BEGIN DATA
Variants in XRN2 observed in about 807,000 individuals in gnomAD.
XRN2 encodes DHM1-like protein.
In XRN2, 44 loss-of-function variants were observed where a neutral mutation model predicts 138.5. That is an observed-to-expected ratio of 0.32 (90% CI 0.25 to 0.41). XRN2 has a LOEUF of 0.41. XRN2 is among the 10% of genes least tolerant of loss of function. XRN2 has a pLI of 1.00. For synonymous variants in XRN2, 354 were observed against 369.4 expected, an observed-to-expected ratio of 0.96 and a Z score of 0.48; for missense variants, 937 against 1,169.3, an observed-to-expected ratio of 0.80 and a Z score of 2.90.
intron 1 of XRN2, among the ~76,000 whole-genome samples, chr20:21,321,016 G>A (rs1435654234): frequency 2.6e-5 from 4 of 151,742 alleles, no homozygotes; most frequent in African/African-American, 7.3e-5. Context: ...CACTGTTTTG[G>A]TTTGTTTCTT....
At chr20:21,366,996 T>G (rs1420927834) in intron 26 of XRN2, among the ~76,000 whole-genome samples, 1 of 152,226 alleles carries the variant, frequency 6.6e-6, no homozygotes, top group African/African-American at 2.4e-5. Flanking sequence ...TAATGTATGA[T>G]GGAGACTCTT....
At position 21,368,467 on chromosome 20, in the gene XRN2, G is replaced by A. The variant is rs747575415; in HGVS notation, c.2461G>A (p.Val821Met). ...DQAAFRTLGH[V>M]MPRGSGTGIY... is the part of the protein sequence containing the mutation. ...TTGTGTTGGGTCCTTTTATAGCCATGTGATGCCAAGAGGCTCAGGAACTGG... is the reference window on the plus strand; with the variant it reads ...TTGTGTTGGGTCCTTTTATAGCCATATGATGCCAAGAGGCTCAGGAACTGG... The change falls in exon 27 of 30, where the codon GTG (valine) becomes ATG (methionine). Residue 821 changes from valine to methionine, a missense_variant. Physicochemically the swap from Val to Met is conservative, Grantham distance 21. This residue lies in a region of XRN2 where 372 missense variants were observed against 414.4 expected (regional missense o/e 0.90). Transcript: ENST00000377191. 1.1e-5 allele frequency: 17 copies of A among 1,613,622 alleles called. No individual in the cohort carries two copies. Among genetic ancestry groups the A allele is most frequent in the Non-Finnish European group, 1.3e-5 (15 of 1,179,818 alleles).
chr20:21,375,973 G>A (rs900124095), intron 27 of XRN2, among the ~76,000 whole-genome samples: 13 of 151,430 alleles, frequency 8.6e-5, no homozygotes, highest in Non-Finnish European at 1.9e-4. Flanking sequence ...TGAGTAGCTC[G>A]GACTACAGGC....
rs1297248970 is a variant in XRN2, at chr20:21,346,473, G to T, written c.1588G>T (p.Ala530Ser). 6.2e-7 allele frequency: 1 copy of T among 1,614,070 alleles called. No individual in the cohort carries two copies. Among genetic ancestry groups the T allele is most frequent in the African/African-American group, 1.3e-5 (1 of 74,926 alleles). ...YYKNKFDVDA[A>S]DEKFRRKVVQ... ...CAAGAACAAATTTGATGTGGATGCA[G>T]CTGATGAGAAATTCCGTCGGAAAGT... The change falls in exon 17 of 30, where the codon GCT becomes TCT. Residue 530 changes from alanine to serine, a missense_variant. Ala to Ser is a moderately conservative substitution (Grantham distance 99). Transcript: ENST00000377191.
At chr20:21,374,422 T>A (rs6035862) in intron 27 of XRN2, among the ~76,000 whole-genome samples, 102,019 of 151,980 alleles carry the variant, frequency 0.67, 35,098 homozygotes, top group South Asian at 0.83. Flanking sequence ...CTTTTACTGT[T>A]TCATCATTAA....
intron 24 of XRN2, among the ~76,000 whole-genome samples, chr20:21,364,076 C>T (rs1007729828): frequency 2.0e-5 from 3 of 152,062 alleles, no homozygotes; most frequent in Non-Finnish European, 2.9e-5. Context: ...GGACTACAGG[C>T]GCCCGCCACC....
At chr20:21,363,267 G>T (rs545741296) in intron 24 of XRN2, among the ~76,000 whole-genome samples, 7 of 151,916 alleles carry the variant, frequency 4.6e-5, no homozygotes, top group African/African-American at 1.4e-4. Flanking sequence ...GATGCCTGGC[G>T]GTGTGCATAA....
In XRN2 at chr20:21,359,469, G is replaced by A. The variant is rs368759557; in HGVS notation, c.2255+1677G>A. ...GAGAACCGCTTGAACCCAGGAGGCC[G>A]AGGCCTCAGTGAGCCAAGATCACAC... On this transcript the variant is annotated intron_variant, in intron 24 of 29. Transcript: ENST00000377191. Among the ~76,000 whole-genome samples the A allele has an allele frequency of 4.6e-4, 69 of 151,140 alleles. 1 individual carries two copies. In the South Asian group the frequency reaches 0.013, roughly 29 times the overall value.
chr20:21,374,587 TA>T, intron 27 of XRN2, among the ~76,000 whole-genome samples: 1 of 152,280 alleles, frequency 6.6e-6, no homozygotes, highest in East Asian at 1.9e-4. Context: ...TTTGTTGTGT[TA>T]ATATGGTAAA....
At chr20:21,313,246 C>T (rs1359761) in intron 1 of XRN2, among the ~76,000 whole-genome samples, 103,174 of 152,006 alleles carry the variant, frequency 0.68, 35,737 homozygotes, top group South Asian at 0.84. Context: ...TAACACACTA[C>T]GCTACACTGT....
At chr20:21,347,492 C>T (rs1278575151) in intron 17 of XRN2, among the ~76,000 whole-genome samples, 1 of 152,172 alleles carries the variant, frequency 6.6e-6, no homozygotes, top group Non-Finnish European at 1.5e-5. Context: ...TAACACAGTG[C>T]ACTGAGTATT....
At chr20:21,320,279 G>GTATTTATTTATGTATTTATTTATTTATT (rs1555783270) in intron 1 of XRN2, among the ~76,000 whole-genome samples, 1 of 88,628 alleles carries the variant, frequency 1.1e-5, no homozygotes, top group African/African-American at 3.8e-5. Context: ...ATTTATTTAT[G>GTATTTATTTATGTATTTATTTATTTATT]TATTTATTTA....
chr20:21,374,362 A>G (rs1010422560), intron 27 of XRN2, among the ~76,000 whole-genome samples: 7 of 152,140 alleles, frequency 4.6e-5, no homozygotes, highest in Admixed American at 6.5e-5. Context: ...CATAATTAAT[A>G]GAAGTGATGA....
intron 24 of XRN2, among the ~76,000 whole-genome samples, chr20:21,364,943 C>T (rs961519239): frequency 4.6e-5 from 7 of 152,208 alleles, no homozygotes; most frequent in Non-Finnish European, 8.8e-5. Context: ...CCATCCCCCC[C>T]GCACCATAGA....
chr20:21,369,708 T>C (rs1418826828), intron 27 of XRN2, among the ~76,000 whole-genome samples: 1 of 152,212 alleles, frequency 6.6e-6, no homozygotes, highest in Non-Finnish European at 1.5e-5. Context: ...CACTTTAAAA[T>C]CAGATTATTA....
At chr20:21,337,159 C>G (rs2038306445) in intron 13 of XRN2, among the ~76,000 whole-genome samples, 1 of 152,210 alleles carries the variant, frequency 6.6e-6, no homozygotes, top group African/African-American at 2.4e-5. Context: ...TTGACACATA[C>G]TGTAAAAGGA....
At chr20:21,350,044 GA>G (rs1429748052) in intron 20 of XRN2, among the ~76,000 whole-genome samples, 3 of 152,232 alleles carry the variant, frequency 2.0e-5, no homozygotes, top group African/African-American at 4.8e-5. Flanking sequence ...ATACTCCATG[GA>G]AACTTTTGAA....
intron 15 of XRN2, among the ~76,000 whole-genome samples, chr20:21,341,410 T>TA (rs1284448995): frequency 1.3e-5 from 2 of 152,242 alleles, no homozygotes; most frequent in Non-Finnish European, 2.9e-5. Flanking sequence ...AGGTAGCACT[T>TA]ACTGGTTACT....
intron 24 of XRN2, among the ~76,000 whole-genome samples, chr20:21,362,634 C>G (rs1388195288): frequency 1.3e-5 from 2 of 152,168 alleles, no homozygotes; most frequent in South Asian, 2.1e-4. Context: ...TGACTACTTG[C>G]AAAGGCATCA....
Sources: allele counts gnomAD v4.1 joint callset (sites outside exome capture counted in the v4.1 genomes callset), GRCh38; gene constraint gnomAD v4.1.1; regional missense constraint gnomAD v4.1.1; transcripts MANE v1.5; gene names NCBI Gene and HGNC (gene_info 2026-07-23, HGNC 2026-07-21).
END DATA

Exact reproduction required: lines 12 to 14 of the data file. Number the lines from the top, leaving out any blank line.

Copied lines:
In XRN2 at chr20:21,359,469, G is replaced by A. The variant is rs368759557; in HGVS notation, c.2255+1677G>A. ...GAGAACCGCTTGAACCCAGGAGGCC[G>A]AGGCCTCAGTGAGCCAAGATCACAC... On this transcript the variant is annotated intron_variant, in intron 24 of 29. Transcript: ENST00000377191. Among the ~76,000 whole-genome samples the A allele has an allele frequency of 4.6e-4, 69 of 151,140 alleles. 1 individual carries two copies. In the South Asian group the frequency reaches 0.013, roughly 29 times the overall value.
chr20:21,374,587 TA>T, intron 27 of XRN2, among the ~76,000 whole-genome samples: 1 of 152,280 alleles, frequency 6.6e-6, no homozygotes, highest in East Asian at 1.9e-4. Context: ...TTTGTTGTGT[TA>T]ATATGGTAAA....
At chr20:21,313,246 C>T (rs1359761) in intron 1 of XRN2, among the ~76,000 whole-genome samples, 103,174 of 152,006 alleles carry the variant, frequency 0.68, 35,737 homozygotes, top group South Asian at 0.84. Context: ...TAACACACTA[C>T]GCTACACTGT....